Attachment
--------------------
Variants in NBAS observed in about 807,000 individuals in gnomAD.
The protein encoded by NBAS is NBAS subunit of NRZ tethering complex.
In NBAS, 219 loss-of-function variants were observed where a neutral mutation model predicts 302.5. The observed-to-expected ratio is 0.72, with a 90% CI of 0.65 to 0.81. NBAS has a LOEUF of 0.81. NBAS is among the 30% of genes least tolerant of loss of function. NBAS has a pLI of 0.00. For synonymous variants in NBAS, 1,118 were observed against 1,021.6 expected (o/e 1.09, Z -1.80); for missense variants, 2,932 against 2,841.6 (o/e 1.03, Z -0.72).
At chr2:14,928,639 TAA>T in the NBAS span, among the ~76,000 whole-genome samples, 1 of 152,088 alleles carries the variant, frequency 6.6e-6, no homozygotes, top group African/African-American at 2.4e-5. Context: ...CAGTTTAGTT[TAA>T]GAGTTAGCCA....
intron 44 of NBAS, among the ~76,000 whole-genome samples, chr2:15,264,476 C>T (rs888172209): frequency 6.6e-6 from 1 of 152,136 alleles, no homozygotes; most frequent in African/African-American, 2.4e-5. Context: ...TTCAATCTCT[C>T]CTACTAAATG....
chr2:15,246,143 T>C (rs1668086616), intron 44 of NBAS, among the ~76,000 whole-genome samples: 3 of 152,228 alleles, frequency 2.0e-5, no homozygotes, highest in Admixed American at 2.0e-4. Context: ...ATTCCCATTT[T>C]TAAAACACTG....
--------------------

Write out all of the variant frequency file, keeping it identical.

Variants in NBAS observed in about 807,000 individuals in gnomAD.
The protein encoded by NBAS is NBAS subunit of NRZ tethering complex.
In NBAS, 219 loss-of-function variants were observed where a neutral mutation model predicts 302.5. The observed-to-expected ratio is 0.72, with a 90% CI of 0.65 to 0.81. NBAS has a LOEUF of 0.81. NBAS is among the 30% of genes least tolerant of loss of function. NBAS has a pLI of 0.00. For synonymous variants in NBAS, 1,118 were observed against 1,021.6 expected (o/e 1.09, Z -1.80); for missense variants, 2,932 against 2,841.6 (o/e 1.03, Z -0.72).
At chr2:14,928,639 TAA>T in the NBAS span, among the ~76,000 whole-genome samples, 1 of 152,088 alleles carries the variant, frequency 6.6e-6, no homozygotes, top group African/African-American at 2.4e-5. Context: ...CAGTTTAGTT[TAA>T]GAGTTAGCCA....
intron 44 of NBAS, among the ~76,000 whole-genome samples, chr2:15,264,476 C>T (rs888172209): frequency 6.6e-6 from 1 of 152,136 alleles, no homozygotes; most frequent in African/African-American, 2.4e-5. Context: ...TTCAATCTCT[C>T]CTACTAAATG....
chr2:15,246,143 T>C (rs1668086616), intron 44 of NBAS, among the ~76,000 whole-genome samples: 3 of 152,228 alleles, frequency 2.0e-5, no homozygotes, highest in Admixed American at 2.0e-4. Context: ...ATTCCCATTT[T>C]TAAAACACTG....